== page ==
The iPad is certainly one of the more polarizing issues in the technology world. Many, like the folks at Wired Magazine, are hailing the iPad as the second coming, a revelatory device that will usher in a completely new era of computing. In this reading, of course, Apple CEO Steve Jobs becomes our savior although others compare Jobs to Moses. After all, how often do people really bring tablets down from the mountains (of Northern California)?
There are countless other metaphors: Is Jobs the biblical serpent (who, of course, inspired the moniker Apple in the first place), asking his customers to leave their computers in their “dens” but take the “e” around with them? Or is he a false prophet, like the Big Brother-esque leader behind Apple’s most famous ad campaign, a figure of cult status boasting his way into a 30% cut off… well, everything?
All this hullabaloo is a natural reaction to any new technology, especially something being actively promoted as paradigm-shifting and “revolutionary.” Technology always giveth while it taketh away. The transportation revolution (trains, planes, and automobiles) created pollution and urban sprawl. The industrial revolution led to Dickensian chaos and Marxist unrest. Given a few minutes, we could probably come up with a few negative aspects of the creation of television or, say, nuclear weapons.
We who think about educational technology for a living tend to see the iPad in mostly positive terms; more computing in more places is good for us, and potentially, everyone. But to keep the polarized nature of the debate alive, at least for one more moment before the world renders its final verdict (which will probably closer to “hallelujah” than “ho-hum” at least once the really cool apps start appearing), here is an initial list of the pros and cons of the iPad as it is used for education:
The iPad giveth:
- The ability to take full-size notes from anywhere, including directly off the web or from e-textbooks, while you’re on the go. And by “notes” of course, we mean drawings, sounds, charts, graphs, videos, and words.
- Integration between on-the-go computing and home computing, without the weight of a laptop– an important feature for college students.
- Educational video about anything, anytime, big enough to actually see.
- The ability to “share” computing space. A group of students can huddle around an iPad, as they do with computers but can’t do with the iPhone. A teacher could hold one up in front of a class to show videos, charts, graphs, or pictures, and manipulate the technology in real-time.
- Accelerometers and touch-screen technology, which make it an amazing tool for kinesthetic learners (in addition to visual learners, auditory learners, etc). This could very well end up the hidden legacy of the iPad in the educational sector: It levels the playing field for different types of learners in one shiny stroke.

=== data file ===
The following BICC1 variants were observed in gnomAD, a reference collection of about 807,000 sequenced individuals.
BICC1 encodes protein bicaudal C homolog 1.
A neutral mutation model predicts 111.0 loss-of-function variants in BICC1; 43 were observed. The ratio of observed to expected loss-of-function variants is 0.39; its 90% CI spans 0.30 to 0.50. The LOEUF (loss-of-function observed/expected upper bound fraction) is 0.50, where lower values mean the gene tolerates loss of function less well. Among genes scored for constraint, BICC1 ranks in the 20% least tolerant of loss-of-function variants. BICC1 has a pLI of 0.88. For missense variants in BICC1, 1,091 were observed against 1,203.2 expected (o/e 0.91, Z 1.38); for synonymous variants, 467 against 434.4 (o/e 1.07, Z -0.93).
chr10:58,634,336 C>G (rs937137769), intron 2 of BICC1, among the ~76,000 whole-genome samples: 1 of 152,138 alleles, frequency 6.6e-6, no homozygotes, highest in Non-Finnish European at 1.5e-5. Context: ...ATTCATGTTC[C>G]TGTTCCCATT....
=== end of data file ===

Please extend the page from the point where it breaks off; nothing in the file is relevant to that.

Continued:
- App heaven. Although the education apps available so far leave something (read: everything) to be desired, there’s no doubt that the killer-education-app race is on. The increased screen real estate opens up a world of possibilities. Given the iPad’s ability to browse the web quickly, these apps will have to add educational value that surpasses the internet itself which means that straight information or reference apps are instantly pass (why compete with Google?).
The iPad taketh away:
- It also provides non-educational video about anything, anytime, big enough to actually see. We don’t usually hear teachers complaining that their students don’t put enough time into Youtube.
- This e-book is also Facebook and Twitter and (god forbid) AIM… all the time. Although most wired students have already mastered the fine art of studying and doing homework while fielding a barrage of incoming instant messages, let’s see teachers trying to keep their students from texting when it looks exactly like taking notes.
- The potential end of the promising e-book industry. One of the best things about the Kindle (which sees the writing on the wall and already has an iPad tie-in), and the Barnes and Noble nook is that you aren’t constantly tempted to put down your copy of Moby Dick— you know, the chapter that explains the 42 different kinds of harpoon tips at any moment to switch to something slightly more sexy, i.e. one of ten bazillion videos or a hundred gajillion games.
- App hell (hmmm– that almost sounds like “Apple”…). The education section of the iTunes app store is vast, widely uneven, and mostly terrible in quality. There’s certainly no winner of the killer-educational-app as of yet. Don’t agree? Quick name one. In fact, the iPhone and iPod Touch have, to the amazement of those in the industry, almost given educational technology a BAD name. For the most part, the education apps are no more than a hodge podge of flash card programs, foreign language dictionaries, apps for babies (why?!), reference texts, and teeny little e-book readers full of classics– nothing that will actually appeal to kids.